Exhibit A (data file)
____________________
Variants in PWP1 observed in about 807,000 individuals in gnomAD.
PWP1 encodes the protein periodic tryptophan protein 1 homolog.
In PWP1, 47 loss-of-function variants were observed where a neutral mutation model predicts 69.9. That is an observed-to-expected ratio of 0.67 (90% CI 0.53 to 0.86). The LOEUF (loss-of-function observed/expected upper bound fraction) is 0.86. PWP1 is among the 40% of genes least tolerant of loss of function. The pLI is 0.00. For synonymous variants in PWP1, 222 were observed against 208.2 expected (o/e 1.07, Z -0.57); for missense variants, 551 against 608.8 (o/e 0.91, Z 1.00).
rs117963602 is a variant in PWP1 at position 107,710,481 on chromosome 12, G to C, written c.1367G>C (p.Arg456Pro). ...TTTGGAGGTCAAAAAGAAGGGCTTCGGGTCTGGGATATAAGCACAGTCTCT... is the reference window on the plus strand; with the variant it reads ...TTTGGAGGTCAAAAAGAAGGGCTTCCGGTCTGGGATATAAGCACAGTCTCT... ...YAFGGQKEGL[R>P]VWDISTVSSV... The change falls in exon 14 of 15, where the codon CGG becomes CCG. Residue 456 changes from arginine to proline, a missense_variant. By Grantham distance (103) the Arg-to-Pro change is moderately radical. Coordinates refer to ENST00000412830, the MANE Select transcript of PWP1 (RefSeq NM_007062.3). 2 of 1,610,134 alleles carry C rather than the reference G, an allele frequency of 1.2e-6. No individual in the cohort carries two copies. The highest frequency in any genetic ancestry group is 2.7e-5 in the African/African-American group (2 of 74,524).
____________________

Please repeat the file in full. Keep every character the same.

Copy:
Variants in PWP1 observed in about 807,000 individuals in gnomAD.
PWP1 encodes the protein periodic tryptophan protein 1 homolog.
In PWP1, 47 loss-of-function variants were observed where a neutral mutation model predicts 69.9. That is an observed-to-expected ratio of 0.67 (90% CI 0.53 to 0.86). The LOEUF (loss-of-function observed/expected upper bound fraction) is 0.86. PWP1 is among the 40% of genes least tolerant of loss of function. The pLI is 0.00. For synonymous variants in PWP1, 222 were observed against 208.2 expected (o/e 1.07, Z -0.57); for missense variants, 551 against 608.8 (o/e 0.91, Z 1.00).
rs117963602 is a variant in PWP1 at position 107,710,481 on chromosome 12, G to C, written c.1367G>C (p.Arg456Pro). ...TTTGGAGGTCAAAAAGAAGGGCTTCGGGTCTGGGATATAAGCACAGTCTCT... is the reference window on the plus strand; with the variant it reads ...TTTGGAGGTCAAAAAGAAGGGCTTCCGGTCTGGGATATAAGCACAGTCTCT... ...YAFGGQKEGL[R>P]VWDISTVSSV... The change falls in exon 14 of 15, where the codon CGG becomes CCG. Residue 456 changes from arginine to proline, a missense_variant. By Grantham distance (103) the Arg-to-Pro change is moderately radical. Coordinates refer to ENST00000412830, the MANE Select transcript of PWP1 (RefSeq NM_007062.3). 2 of 1,610,134 alleles carry C rather than the reference G, an allele frequency of 1.2e-6. No individual in the cohort carries two copies. The highest frequency in any genetic ancestry group is 2.7e-5 in the African/African-American group (2 of 74,524).